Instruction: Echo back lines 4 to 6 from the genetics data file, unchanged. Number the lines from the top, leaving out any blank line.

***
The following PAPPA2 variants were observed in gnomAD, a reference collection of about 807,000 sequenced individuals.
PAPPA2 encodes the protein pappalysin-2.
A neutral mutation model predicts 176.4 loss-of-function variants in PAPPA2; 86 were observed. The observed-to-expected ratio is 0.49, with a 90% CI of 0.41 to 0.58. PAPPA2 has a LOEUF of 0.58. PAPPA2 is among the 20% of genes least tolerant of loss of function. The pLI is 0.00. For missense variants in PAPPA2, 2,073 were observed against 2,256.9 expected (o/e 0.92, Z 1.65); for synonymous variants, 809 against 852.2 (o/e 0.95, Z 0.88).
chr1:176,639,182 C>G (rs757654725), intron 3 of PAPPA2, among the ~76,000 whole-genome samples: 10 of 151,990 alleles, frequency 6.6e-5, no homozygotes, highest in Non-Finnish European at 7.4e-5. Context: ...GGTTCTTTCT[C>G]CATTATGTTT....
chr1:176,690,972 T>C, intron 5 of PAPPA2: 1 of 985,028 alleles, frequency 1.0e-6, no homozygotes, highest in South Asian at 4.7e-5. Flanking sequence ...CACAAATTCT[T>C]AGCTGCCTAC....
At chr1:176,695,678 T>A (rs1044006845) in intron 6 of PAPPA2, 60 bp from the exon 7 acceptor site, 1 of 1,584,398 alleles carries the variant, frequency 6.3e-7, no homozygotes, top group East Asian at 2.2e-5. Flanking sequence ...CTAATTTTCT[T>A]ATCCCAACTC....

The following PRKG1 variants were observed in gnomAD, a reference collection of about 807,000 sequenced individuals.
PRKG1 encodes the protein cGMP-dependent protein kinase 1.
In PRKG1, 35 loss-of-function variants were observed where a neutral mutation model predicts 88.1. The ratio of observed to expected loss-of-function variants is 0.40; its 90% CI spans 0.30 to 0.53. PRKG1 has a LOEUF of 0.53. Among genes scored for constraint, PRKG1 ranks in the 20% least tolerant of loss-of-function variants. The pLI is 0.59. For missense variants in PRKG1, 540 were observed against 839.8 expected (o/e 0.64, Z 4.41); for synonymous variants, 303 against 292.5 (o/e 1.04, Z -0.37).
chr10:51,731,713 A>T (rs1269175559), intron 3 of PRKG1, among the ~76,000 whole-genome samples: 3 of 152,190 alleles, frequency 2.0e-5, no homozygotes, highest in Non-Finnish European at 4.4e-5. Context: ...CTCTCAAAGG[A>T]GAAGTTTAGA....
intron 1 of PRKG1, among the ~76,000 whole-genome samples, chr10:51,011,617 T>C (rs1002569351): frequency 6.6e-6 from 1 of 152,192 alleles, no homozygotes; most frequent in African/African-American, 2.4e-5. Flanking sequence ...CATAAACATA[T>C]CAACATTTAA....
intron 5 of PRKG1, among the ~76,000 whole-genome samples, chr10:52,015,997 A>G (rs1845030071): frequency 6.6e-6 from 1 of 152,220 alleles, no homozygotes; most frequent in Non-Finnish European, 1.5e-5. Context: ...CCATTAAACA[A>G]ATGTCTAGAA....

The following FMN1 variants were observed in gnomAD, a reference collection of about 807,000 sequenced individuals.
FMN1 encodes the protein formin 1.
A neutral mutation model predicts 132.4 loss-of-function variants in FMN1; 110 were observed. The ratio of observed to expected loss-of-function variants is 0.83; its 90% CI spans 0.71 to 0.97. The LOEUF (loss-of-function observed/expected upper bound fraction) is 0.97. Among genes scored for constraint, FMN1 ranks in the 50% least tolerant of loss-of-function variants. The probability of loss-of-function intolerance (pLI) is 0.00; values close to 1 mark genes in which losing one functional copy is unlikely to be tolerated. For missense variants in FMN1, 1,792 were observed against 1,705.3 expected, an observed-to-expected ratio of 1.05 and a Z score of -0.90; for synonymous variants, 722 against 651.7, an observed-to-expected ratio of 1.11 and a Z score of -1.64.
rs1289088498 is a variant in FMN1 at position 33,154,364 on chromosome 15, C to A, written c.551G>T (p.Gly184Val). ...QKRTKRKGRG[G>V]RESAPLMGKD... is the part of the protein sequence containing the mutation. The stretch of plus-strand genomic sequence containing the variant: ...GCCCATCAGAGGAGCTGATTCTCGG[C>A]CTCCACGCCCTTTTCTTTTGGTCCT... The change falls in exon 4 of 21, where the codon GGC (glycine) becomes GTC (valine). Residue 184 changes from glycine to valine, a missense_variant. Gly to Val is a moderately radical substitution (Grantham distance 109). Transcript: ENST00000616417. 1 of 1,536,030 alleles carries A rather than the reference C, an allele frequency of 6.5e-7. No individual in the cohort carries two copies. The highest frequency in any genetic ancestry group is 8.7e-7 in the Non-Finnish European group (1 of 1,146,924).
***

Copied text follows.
chr1:176,639,182 C>G (rs757654725), intron 3 of PAPPA2, among the ~76,000 whole-genome samples: 10 of 151,990 alleles, frequency 6.6e-5, no homozygotes, highest in Non-Finnish European at 7.4e-5. Context: ...GGTTCTTTCT[C>G]CATTATGTTT....
chr1:176,690,972 T>C, intron 5 of PAPPA2: 1 of 985,028 alleles, frequency 1.0e-6, no homozygotes, highest in South Asian at 4.7e-5. Flanking sequence ...CACAAATTCT[T>C]AGCTGCCTAC....
At chr1:176,695,678 T>A (rs1044006845) in intron 6 of PAPPA2, 60 bp from the exon 7 acceptor site, 1 of 1,584,398 alleles carries the variant, frequency 6.3e-7, no homozygotes, top group East Asian at 2.2e-5. Flanking sequence ...CTAATTTTCT[T>A]ATCCCAACTC....